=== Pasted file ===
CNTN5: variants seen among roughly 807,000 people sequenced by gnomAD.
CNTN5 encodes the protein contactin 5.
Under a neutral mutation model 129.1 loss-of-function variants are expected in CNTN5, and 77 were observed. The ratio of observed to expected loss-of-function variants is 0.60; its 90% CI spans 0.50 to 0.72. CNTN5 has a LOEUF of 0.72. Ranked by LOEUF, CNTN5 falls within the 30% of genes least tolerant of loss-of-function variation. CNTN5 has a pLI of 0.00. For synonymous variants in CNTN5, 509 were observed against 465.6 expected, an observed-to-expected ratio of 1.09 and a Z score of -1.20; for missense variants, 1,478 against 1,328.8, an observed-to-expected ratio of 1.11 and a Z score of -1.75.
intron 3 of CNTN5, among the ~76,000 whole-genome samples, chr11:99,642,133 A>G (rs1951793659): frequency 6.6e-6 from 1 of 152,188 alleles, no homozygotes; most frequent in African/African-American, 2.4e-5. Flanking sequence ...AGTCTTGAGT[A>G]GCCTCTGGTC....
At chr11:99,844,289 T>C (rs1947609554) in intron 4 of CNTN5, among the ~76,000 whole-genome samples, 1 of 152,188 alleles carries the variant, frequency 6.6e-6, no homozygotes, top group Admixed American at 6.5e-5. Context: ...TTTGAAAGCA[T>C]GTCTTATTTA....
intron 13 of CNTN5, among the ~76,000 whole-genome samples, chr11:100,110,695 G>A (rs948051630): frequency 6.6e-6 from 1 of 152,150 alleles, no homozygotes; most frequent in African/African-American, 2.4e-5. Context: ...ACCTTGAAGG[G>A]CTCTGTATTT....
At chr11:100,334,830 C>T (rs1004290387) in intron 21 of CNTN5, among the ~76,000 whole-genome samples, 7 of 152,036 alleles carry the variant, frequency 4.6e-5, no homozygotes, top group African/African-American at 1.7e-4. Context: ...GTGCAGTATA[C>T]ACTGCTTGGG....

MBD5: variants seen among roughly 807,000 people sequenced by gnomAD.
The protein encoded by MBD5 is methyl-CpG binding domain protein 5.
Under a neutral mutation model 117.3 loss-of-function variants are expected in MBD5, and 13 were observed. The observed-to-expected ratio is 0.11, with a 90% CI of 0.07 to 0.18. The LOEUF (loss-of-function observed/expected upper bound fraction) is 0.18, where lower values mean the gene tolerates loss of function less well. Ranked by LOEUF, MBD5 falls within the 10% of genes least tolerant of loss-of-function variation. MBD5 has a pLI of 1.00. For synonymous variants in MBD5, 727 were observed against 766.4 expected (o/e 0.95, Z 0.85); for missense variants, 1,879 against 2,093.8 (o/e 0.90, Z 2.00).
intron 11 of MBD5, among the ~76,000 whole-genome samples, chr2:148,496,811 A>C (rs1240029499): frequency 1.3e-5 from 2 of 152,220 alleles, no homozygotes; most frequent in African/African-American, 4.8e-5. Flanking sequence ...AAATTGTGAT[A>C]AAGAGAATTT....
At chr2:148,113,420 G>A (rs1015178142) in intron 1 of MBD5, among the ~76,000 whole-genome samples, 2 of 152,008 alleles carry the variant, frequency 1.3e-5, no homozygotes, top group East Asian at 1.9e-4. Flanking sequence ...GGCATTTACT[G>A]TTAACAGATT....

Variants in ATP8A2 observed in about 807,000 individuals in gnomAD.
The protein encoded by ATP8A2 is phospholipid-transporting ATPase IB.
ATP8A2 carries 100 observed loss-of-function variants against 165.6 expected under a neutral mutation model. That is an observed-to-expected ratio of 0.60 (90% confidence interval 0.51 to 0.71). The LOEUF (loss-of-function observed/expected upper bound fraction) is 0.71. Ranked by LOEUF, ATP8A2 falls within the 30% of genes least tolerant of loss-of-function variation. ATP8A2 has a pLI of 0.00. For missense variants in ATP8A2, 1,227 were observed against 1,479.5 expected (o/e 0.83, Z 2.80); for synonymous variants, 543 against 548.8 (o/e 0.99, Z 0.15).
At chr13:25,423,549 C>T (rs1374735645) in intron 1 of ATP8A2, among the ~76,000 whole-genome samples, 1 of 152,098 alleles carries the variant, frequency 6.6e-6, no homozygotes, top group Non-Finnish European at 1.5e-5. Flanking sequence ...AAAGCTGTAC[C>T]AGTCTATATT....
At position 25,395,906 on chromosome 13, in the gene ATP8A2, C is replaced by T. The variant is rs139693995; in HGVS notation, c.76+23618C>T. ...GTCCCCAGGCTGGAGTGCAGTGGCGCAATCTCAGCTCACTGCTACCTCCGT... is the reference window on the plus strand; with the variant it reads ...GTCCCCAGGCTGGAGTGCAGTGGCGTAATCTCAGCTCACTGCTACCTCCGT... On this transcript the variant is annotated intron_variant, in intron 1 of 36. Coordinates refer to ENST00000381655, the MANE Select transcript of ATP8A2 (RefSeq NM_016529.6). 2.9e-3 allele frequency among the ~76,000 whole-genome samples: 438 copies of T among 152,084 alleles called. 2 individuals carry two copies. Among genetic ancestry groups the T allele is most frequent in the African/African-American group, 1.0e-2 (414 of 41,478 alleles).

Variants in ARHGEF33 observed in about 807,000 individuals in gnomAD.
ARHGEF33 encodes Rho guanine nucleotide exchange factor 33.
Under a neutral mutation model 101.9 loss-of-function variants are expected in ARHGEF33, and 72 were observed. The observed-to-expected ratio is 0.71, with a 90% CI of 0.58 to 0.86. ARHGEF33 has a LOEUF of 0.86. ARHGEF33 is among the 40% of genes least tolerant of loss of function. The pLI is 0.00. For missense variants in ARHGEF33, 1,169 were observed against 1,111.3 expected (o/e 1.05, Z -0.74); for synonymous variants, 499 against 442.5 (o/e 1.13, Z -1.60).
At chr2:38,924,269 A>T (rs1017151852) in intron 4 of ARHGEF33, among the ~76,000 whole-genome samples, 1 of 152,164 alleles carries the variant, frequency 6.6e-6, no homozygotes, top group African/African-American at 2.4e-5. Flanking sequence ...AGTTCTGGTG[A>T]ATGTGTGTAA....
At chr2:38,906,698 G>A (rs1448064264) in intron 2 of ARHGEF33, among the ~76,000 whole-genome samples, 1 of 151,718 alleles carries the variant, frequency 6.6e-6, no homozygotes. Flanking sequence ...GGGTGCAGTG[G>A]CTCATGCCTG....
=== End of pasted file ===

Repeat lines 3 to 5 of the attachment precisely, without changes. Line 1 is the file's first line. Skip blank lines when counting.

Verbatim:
Under a neutral mutation model 129.1 loss-of-function variants are expected in CNTN5, and 77 were observed. The ratio of observed to expected loss-of-function variants is 0.60; its 90% CI spans 0.50 to 0.72. CNTN5 has a LOEUF of 0.72. Ranked by LOEUF, CNTN5 falls within the 30% of genes least tolerant of loss-of-function variation. CNTN5 has a pLI of 0.00. For synonymous variants in CNTN5, 509 were observed against 465.6 expected, an observed-to-expected ratio of 1.09 and a Z score of -1.20; for missense variants, 1,478 against 1,328.8, an observed-to-expected ratio of 1.11 and a Z score of -1.75.
intron 3 of CNTN5, among the ~76,000 whole-genome samples, chr11:99,642,133 A>G (rs1951793659): frequency 6.6e-6 from 1 of 152,188 alleles, no homozygotes; most frequent in African/African-American, 2.4e-5. Flanking sequence ...AGTCTTGAGT[A>G]GCCTCTGGTC....
At chr11:99,844,289 T>C (rs1947609554) in intron 4 of CNTN5, among the ~76,000 whole-genome samples, 1 of 152,188 alleles carries the variant, frequency 6.6e-6, no homozygotes, top group Admixed American at 6.5e-5. Context: ...TTTGAAAGCA[T>C]GTCTTATTTA....